James Leroy Wilson's blog

Friday, August 25, 2006

If This is Strict Constructionism...

Sheldon Richman writes:
Conservatives pride themselves on being “strict constructionists,” the keepers of the one true interpretation of the Constitution. But this claim rests on a weak foundation. There is no one true interpretation. The historian Merrill Jensen noted that Alexander Hamilton, a staunch nationalist, and Thomas Jefferson, a staunch decentralist, looked at the same Constitution and saw two contradictory things. Each saw a plan of government consistent with his own predilections.

These days conservatives oppose implied congressional powers while seeing implied presidential powers everywhere (as long as they like the president). I smell an agenda.

When I thought I had common cause with mainstream conservatives, it was generally for four reasons:
1. Federalism: The federal government shouldn't do what is best left to the states and to the people.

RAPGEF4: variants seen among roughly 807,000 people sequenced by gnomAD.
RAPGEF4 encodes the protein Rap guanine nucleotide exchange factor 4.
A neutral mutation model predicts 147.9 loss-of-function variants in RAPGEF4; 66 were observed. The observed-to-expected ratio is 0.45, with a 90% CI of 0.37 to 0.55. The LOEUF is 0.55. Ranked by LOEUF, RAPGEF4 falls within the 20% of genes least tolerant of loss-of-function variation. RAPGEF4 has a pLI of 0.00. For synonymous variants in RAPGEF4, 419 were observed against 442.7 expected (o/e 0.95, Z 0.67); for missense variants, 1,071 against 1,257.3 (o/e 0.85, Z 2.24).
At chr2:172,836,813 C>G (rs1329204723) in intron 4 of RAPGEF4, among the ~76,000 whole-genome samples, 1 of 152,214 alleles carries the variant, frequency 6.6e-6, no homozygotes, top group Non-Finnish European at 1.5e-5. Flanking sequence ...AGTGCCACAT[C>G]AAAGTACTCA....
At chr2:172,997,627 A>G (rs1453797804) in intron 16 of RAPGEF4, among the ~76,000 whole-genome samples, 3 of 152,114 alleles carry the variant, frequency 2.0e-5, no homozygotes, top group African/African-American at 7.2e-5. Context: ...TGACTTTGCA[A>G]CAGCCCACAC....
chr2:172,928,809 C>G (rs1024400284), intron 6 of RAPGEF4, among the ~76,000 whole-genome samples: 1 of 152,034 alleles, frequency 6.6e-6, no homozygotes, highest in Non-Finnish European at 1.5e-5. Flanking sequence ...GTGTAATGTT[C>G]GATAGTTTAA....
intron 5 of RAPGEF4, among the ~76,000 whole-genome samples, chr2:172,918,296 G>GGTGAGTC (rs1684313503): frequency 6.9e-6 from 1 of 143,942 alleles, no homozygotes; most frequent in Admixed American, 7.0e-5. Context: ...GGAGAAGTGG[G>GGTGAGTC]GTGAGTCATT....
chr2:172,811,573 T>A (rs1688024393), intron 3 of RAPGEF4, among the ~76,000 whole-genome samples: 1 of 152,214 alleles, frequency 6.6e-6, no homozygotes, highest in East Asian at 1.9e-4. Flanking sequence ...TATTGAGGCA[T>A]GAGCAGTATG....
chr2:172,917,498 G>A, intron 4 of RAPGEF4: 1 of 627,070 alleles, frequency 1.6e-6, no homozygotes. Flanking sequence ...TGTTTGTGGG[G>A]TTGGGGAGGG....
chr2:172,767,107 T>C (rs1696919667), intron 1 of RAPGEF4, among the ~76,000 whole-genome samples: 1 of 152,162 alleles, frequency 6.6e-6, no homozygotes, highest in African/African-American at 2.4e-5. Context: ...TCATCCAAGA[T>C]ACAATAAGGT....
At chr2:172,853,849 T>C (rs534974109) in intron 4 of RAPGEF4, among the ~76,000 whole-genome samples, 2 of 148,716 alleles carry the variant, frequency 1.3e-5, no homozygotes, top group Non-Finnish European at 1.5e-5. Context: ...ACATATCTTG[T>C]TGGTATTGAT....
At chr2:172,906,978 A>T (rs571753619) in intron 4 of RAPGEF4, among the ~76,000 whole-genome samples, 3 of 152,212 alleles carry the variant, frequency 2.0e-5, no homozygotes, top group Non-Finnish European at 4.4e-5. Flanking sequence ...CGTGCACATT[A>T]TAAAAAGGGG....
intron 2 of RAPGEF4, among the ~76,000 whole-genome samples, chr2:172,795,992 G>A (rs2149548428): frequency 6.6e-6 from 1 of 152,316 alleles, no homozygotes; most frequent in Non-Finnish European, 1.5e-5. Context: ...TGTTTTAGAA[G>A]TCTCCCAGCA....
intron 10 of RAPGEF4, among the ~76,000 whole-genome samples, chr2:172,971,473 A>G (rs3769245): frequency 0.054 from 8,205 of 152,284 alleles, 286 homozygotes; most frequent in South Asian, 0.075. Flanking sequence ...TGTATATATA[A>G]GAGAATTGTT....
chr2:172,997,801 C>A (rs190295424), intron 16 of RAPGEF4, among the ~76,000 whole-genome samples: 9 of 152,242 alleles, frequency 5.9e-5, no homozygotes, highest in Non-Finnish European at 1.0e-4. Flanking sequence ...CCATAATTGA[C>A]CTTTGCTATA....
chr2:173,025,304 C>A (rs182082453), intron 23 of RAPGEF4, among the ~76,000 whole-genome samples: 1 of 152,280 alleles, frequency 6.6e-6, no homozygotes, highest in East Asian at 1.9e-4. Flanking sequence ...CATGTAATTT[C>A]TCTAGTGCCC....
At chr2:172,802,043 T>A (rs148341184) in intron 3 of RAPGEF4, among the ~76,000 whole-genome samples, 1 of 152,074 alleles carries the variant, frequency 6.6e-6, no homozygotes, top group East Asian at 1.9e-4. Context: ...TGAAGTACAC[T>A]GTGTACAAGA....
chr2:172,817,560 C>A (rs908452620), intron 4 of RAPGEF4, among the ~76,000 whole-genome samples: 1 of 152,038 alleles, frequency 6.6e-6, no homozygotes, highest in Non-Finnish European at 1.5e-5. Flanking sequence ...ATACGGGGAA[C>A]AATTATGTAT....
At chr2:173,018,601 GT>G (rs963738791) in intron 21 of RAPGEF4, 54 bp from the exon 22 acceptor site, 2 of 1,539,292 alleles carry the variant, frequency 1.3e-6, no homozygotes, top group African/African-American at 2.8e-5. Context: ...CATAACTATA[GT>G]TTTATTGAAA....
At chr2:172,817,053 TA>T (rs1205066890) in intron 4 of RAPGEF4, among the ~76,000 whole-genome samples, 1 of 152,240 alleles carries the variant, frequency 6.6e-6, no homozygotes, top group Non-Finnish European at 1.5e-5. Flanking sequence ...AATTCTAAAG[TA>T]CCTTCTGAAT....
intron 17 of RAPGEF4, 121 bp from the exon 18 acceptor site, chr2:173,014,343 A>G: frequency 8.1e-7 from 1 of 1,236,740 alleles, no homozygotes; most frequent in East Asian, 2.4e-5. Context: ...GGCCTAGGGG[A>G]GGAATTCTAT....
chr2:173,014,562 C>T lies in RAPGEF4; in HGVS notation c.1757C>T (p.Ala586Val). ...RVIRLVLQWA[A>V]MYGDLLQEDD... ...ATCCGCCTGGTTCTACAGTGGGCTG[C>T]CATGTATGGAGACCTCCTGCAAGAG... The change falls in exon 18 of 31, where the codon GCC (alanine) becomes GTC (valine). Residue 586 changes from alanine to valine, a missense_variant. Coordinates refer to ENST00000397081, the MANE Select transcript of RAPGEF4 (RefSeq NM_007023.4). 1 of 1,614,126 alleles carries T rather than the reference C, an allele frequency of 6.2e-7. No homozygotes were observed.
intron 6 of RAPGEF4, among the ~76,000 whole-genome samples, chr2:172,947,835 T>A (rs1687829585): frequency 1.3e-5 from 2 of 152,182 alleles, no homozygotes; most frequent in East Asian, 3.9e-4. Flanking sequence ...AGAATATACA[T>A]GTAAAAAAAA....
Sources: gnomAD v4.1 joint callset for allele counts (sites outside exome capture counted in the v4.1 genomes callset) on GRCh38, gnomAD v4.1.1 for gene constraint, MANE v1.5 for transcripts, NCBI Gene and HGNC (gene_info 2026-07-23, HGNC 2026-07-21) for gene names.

2. Smaller government: Cut spending, cut taxes, de-regulate the economy.
3. Realist foreign policy: opposition to "nation-building" and using our military to fight other people's battles for ideological reasons.

Conservatives have abandoned the above three positions. (Yes, Bush has cut some taxes, but he's increased the Inflation Tax and the Grandchild Tax.) The last area of agreement was this:

4. Strict construction: not that there is a "one true interpretation" of the Constitution, but that it can be interpreted objectively - apart from personal predilections and ideological agendas. Courts can exercise deference to common practices and the will of legislatures while protecting the actual - not made-up - Constitutional rights of individuals.

Judge Anna Diggs's ruling that Bush's warrentless wiretapping of Americans making international phone calls seems to me an example of strict constructionism. Both Congress and the Constitution back her up. For mainstream conservatives to attack her because she's a Carter appointee does not, as Richman points out, refute her decision.

If "strict construction" of the Constitution gives the President dictatorial powers, then conservatives can shove it. Having already abandoned federalism in education and drugs, substantially increased the size of government, and sent our troops on Democracy Crusades, conservatives are now abandoning my last area of agreement with them.

Mainstream onservatism seems to be nothing more than hatred of Democratic Congresses and Presidents. There doesn't seem to be any actual thought behind anything they say they believe in.

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